Also, it’s totally fine to ask after they make the offer to you: “Can I ask what happened with the other person?” You can say it in a tone of mild concern so it doesn’t sound like idle curiosity. Or, if the answer won’t change your mind anyway, also reasonable to wait and ask after you’ve been on the job for a week or so.
3. I started a temp job, but it sounds like they’re going to move a coworker into it
I recently started as a temp in a supervisory role with a firm (two weeks ago). One of my colleagues has voiced an interest in the position I was recruited for, and the company have opened the role up for interviews. The application process ends at the end of this week, but they are actively speaking about the role as “Tracey (my colleague) is going to be busy in her new job” and “we need to find a replacement for Tracey when she takes on her new role.”
I have not even submitted my resume (again) for it but it is apparent that I will not get the role I am currently performing. They are also stating, “Don’t worry, we can find you something to keep you going.” My knowledge of employment law is not very good, but surely they cannot do this.
Unless you have a contract with them that promises you the role for a specific period of time (very unlikely if you’re in the U.S.), they can indeed do this. If you haven’t applied for the role, you can’t really blame them for overlooking you — but even if you had, it’s not unusual that they might prefer a known quantity who they’ve worked with longer, especially for a management role. If you’re interested in being considered for the job, you should definitely speak up — but it sounds like they’re pretty sold on going with Tracey, so you might instead focus on what other options they’re alluding to for you.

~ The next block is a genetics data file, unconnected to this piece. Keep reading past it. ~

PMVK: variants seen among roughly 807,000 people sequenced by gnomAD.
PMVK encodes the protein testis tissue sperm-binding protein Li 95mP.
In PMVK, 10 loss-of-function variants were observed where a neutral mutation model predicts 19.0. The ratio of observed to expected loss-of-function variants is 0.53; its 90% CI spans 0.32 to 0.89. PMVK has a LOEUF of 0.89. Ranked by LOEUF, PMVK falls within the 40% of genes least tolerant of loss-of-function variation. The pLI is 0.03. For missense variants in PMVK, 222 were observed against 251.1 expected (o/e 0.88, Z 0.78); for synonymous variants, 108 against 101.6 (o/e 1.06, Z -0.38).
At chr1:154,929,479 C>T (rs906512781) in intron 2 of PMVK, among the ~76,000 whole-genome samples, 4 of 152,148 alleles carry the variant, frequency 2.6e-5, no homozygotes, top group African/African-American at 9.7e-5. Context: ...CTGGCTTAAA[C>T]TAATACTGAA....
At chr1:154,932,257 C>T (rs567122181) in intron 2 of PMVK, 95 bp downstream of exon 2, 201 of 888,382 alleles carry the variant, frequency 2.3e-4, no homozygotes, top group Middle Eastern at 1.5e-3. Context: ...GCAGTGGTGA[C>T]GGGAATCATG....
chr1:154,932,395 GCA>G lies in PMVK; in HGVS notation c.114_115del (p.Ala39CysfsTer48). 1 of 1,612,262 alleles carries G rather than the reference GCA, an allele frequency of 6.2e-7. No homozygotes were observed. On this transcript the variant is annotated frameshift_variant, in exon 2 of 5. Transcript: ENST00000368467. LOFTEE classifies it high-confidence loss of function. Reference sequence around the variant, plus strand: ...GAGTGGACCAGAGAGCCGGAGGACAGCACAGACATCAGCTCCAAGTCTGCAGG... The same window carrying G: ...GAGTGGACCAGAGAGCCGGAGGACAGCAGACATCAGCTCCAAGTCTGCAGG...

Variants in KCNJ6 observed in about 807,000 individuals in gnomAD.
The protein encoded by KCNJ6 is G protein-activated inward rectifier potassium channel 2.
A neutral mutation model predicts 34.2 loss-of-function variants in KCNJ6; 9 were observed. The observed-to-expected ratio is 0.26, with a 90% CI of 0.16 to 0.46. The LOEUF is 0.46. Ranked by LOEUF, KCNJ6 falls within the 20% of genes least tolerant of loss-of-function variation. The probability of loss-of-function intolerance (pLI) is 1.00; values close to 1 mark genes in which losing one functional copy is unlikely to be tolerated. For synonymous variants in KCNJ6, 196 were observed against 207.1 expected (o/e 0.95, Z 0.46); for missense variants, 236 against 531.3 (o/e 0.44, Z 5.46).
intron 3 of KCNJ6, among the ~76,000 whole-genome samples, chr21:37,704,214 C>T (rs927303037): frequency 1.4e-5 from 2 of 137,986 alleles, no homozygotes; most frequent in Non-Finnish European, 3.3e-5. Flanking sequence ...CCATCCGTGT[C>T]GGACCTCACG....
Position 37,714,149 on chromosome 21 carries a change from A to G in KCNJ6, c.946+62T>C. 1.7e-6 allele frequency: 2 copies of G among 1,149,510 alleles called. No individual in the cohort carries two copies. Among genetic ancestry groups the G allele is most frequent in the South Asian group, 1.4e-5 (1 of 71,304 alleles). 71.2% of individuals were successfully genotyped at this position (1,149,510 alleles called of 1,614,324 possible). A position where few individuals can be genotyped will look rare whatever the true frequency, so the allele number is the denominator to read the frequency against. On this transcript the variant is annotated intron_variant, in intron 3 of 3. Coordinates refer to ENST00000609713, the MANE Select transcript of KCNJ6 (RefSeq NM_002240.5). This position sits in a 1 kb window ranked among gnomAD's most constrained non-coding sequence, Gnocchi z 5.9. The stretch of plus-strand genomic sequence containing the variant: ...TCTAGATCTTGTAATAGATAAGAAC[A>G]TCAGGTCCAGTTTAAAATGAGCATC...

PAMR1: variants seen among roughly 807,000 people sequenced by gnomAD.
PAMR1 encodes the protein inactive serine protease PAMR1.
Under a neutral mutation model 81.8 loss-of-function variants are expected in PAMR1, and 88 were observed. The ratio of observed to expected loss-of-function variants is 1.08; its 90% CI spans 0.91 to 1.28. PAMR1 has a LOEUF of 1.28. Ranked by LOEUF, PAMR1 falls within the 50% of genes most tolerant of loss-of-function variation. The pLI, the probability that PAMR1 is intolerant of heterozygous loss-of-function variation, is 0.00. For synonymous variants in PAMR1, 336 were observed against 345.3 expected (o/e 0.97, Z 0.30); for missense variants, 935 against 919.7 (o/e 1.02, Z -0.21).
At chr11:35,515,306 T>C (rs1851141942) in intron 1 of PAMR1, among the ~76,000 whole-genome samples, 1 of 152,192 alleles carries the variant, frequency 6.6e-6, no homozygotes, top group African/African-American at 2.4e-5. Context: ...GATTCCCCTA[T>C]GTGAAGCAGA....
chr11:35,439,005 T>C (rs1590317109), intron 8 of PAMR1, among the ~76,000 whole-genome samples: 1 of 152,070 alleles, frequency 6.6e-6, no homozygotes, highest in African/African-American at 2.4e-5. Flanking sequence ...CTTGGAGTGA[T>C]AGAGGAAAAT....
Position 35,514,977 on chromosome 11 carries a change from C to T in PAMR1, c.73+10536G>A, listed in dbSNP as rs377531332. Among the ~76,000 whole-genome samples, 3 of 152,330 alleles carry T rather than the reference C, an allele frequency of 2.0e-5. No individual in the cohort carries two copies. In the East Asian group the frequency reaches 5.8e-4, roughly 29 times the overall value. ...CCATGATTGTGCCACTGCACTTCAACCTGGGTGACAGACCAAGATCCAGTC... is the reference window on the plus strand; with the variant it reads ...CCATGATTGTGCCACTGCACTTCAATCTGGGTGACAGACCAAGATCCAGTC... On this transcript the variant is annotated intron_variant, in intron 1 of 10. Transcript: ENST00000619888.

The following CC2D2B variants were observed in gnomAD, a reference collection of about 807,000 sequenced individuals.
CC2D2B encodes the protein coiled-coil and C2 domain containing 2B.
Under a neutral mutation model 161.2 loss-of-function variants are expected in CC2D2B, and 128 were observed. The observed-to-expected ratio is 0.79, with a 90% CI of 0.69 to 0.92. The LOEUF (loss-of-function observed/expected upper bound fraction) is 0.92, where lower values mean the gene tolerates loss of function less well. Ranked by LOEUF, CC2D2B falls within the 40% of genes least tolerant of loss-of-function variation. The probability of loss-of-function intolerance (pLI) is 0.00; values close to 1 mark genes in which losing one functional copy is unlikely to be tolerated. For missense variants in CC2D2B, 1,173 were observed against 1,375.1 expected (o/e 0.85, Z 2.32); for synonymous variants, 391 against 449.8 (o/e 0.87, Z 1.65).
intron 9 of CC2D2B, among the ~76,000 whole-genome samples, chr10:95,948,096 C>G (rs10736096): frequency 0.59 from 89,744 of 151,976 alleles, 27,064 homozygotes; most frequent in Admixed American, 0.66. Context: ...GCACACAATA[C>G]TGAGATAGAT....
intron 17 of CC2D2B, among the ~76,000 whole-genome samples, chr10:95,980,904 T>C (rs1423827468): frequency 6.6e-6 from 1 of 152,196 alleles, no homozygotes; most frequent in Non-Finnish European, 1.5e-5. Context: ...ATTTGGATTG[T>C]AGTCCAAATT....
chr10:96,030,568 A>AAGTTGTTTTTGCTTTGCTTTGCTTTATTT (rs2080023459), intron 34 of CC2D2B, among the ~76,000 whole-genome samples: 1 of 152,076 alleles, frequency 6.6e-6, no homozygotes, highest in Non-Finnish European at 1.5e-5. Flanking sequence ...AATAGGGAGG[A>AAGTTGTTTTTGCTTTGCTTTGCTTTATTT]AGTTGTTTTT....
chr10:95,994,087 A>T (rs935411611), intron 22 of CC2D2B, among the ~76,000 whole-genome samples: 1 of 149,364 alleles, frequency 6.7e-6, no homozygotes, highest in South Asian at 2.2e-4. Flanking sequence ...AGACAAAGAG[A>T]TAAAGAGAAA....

4. Mentioning blogging in a resume or cover letter
I’m just starting out my career in communications, and have been working for less than two years in an office environment. I have plenty of writing and communications plan experience, but am trying to break into digital communications. There hasn’t been many opportunities for me to develop my skills in my formal job, but outside of work I am a regular contributor for a lifestyle blog. This isn’t a paid position, I was just contacted by the co-founders and asked to write for them. This position lets me use a lot of relevant skills for the digital jobs I’m applying for, but because it’s just a side hobby of mine and it isn’t paid, would this be appropriate for a resume or cover letter?
Good god, yes.
It’s directly related to the field you want to work in, and moreover, it sounds like it might be the best evidence of your work in that field that you can show them. Don’t forego talking about that!
5. Asking a prospective new employer about leaving early to volunteer one day a week
I’m currently in a contract position in a school that will be ending this summer, so I’ll be starting my job search soon. This past year, on top of my full-time contract position, I’ve been teaching Hebrew school at my synagogue on Wednesday afternoons (as a volunteer). This hasn’t conflicted with my school schedule at all because the school days don’t overlap, and I’ve absolutely loved doing it — it’s taught me a bunch of new skills, really helped me connect with my community, and been incredibly fun! I’d really like to teach again next year, but I’m not sure how to ask prospective employers about potentially leaving early on Wednesday afternoons to do this. When I get to the offer stage, should I just ask about flexible time in general, without going into specifics? Or should I tell them specifically that I’d like to keep doing this second job, and give them details about when I’d need to leave on Wednesdays to do that? (Or maybe something in between!)
I’d wait until you’re at the offer stage and then be specific about what you want. I wouldn’t just ask about flexible time in general, because that might mean “it’s cool if you flex your hours on occasion” but not “you can leave early every single Wednesday.” I’d be specific about what you’ve been doing and say that you’re wondering if it’s possible to continue it if you adjust your schedule in some other way. Do be prepared to hear that in a lot of jobs, it just won’t be possible — but there are also plenty that would be okay with this, and it’s not unreasonable to ask in many contexts.